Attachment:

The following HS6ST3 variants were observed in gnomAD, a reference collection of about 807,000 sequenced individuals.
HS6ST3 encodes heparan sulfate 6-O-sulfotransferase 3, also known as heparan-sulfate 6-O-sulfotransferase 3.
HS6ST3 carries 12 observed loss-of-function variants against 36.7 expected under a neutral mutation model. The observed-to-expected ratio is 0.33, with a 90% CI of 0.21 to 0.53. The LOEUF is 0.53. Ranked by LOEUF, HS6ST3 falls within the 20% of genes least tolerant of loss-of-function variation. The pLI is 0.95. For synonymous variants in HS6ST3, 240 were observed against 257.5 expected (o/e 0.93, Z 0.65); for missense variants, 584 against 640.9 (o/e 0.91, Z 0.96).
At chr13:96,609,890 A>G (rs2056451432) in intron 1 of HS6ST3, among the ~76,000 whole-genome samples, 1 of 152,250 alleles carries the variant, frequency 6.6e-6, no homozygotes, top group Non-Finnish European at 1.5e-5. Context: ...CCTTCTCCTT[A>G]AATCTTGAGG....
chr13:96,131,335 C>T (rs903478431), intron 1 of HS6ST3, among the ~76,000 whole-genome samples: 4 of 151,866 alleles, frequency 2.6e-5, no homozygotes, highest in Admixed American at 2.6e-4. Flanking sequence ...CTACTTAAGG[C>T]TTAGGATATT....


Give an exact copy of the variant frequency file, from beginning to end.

The following HS6ST3 variants were observed in gnomAD, a reference collection of about 807,000 sequenced individuals.
HS6ST3 encodes heparan sulfate 6-O-sulfotransferase 3, also known as heparan-sulfate 6-O-sulfotransferase 3.
HS6ST3 carries 12 observed loss-of-function variants against 36.7 expected under a neutral mutation model. The observed-to-expected ratio is 0.33, with a 90% CI of 0.21 to 0.53. The LOEUF is 0.53. Ranked by LOEUF, HS6ST3 falls within the 20% of genes least tolerant of loss-of-function variation. The pLI is 0.95. For synonymous variants in HS6ST3, 240 were observed against 257.5 expected (o/e 0.93, Z 0.65); for missense variants, 584 against 640.9 (o/e 0.91, Z 0.96).
At chr13:96,609,890 A>G (rs2056451432) in intron 1 of HS6ST3, among the ~76,000 whole-genome samples, 1 of 152,250 alleles carries the variant, frequency 6.6e-6, no homozygotes, top group Non-Finnish European at 1.5e-5. Context: ...CCTTCTCCTT[A>G]AATCTTGAGG....
chr13:96,131,335 C>T (rs903478431), intron 1 of HS6ST3, among the ~76,000 whole-genome samples: 4 of 151,866 alleles, frequency 2.6e-5, no homozygotes, highest in Admixed American at 2.6e-4. Flanking sequence ...CTACTTAAGG[C>T]TTAGGATATT....